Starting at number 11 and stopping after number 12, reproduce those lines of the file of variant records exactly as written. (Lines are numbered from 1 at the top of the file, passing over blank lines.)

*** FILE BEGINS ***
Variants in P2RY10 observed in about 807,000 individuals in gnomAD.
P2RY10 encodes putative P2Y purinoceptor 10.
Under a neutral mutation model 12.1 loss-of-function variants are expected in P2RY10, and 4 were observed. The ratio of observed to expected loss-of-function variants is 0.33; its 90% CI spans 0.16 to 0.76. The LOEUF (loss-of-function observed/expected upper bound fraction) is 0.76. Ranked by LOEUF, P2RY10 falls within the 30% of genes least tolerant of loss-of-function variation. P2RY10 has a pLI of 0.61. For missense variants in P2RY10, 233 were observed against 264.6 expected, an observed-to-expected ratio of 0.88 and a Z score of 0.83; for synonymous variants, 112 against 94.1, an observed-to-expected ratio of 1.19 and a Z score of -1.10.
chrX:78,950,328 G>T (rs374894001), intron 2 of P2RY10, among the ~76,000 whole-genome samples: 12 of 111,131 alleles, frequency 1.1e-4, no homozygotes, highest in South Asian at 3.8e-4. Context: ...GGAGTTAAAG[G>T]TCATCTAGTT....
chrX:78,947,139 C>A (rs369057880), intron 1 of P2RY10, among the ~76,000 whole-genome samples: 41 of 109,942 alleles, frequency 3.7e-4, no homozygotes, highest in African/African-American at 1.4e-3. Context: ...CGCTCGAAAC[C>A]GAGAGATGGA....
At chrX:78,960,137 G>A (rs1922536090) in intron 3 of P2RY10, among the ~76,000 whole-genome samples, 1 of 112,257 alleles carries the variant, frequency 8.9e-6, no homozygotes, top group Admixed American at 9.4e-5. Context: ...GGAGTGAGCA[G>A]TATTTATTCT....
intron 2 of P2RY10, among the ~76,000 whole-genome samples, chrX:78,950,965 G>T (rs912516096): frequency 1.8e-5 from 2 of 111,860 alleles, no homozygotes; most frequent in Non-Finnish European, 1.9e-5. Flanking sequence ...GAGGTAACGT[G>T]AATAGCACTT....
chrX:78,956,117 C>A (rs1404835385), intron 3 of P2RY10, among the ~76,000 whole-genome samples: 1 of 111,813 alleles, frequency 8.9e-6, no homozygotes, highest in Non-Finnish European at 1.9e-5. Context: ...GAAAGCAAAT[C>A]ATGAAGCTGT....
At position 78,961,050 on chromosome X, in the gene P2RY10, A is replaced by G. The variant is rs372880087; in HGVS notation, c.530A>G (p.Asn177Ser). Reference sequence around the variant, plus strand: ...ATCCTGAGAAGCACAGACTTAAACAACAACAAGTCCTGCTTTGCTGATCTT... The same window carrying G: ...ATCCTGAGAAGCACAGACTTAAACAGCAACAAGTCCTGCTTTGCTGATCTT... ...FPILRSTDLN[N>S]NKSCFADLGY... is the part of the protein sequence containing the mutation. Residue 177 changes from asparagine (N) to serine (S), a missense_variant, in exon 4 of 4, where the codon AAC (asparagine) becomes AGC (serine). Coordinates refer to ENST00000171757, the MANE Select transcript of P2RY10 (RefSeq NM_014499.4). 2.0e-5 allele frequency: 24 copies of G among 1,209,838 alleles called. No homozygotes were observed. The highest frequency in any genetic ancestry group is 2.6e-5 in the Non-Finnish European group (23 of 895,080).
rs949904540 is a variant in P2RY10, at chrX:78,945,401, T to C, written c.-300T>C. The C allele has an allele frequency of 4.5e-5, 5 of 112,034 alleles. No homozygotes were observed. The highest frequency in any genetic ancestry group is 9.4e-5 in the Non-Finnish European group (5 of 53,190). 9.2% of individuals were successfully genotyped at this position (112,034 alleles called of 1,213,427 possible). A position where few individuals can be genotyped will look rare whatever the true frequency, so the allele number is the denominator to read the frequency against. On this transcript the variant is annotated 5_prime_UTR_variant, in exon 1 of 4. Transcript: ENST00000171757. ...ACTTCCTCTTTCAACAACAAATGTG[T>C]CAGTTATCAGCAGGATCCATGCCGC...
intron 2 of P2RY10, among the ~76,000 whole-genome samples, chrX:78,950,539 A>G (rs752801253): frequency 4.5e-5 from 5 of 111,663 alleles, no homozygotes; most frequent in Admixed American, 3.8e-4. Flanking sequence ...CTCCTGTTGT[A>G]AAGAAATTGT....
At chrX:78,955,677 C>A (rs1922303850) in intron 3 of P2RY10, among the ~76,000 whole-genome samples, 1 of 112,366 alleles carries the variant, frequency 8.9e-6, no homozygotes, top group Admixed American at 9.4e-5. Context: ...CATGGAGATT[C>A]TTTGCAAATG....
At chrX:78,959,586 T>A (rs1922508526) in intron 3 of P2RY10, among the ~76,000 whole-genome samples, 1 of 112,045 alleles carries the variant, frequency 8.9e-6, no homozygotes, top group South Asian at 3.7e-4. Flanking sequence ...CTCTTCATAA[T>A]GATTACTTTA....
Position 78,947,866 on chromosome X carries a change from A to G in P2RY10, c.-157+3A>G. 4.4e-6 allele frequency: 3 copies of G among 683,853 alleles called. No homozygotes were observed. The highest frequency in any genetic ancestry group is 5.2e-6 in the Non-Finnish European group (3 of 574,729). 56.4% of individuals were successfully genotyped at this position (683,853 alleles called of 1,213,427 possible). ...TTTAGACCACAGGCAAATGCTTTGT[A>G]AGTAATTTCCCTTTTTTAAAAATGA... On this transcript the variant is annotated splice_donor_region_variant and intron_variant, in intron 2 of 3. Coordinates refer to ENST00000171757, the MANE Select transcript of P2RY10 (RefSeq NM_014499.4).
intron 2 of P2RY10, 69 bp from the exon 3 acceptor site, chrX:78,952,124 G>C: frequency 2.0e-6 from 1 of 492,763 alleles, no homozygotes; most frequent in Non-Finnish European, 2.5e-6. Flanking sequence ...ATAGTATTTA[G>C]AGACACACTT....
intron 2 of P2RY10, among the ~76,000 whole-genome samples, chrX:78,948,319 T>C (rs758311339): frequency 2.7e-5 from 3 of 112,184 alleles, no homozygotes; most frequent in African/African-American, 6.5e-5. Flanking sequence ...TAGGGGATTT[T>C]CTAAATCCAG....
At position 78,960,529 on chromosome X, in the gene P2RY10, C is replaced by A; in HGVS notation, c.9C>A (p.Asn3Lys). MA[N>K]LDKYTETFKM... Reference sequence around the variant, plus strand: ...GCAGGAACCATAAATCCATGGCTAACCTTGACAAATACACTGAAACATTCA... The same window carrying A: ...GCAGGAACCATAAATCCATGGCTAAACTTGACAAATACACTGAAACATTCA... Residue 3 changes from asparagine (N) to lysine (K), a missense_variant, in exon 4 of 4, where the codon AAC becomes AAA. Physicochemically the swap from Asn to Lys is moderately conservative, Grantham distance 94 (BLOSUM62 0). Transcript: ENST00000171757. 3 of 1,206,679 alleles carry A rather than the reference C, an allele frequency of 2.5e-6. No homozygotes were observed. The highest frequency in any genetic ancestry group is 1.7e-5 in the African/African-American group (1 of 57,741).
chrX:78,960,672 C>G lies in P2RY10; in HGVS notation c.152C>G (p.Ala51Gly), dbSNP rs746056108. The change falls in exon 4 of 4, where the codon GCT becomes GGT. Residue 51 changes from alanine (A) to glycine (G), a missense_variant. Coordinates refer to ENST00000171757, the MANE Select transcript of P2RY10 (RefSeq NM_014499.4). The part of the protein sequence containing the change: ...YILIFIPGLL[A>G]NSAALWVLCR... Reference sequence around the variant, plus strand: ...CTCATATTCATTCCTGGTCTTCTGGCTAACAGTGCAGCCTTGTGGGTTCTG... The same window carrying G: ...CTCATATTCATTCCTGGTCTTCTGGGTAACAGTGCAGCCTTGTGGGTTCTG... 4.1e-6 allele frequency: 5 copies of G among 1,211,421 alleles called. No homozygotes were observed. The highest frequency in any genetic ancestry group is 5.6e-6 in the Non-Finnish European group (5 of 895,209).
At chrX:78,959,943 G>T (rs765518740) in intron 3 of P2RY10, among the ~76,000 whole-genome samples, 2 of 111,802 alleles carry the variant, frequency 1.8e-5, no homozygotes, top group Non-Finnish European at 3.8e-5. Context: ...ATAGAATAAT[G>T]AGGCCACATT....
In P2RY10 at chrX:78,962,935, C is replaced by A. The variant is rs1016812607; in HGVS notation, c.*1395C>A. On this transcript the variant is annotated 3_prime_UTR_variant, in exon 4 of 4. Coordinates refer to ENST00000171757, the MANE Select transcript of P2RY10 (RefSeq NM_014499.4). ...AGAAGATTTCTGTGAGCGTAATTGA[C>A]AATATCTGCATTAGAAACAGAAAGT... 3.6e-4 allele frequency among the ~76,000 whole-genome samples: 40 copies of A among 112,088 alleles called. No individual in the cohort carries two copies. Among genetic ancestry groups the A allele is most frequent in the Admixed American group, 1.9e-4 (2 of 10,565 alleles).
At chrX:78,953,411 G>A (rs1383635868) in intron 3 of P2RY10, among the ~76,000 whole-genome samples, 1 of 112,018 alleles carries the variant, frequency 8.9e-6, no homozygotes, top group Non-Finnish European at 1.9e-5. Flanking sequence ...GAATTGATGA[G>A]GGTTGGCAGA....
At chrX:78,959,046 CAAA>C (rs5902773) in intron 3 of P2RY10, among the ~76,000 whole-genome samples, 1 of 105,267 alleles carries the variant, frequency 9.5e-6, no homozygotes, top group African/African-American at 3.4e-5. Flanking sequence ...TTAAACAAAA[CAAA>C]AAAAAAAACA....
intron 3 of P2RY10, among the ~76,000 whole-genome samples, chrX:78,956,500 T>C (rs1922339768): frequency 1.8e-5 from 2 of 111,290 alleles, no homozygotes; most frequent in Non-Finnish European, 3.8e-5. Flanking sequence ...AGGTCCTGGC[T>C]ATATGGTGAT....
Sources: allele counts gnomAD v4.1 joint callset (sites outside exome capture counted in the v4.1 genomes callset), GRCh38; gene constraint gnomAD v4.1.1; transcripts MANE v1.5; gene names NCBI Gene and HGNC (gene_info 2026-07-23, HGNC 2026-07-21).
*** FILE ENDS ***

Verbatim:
intron 2 of P2RY10, among the ~76,000 whole-genome samples, chrX:78,950,539 A>G (rs752801253): frequency 4.5e-5 from 5 of 111,663 alleles, no homozygotes; most frequent in Admixed American, 3.8e-4. Flanking sequence ...CTCCTGTTGT[A>G]AAGAAATTGT....
At chrX:78,955,677 C>A (rs1922303850) in intron 3 of P2RY10, among the ~76,000 whole-genome samples, 1 of 112,366 alleles carries the variant, frequency 8.9e-6, no homozygotes, top group Admixed American at 9.4e-5. Context: ...CATGGAGATT[C>A]TTTGCAAATG....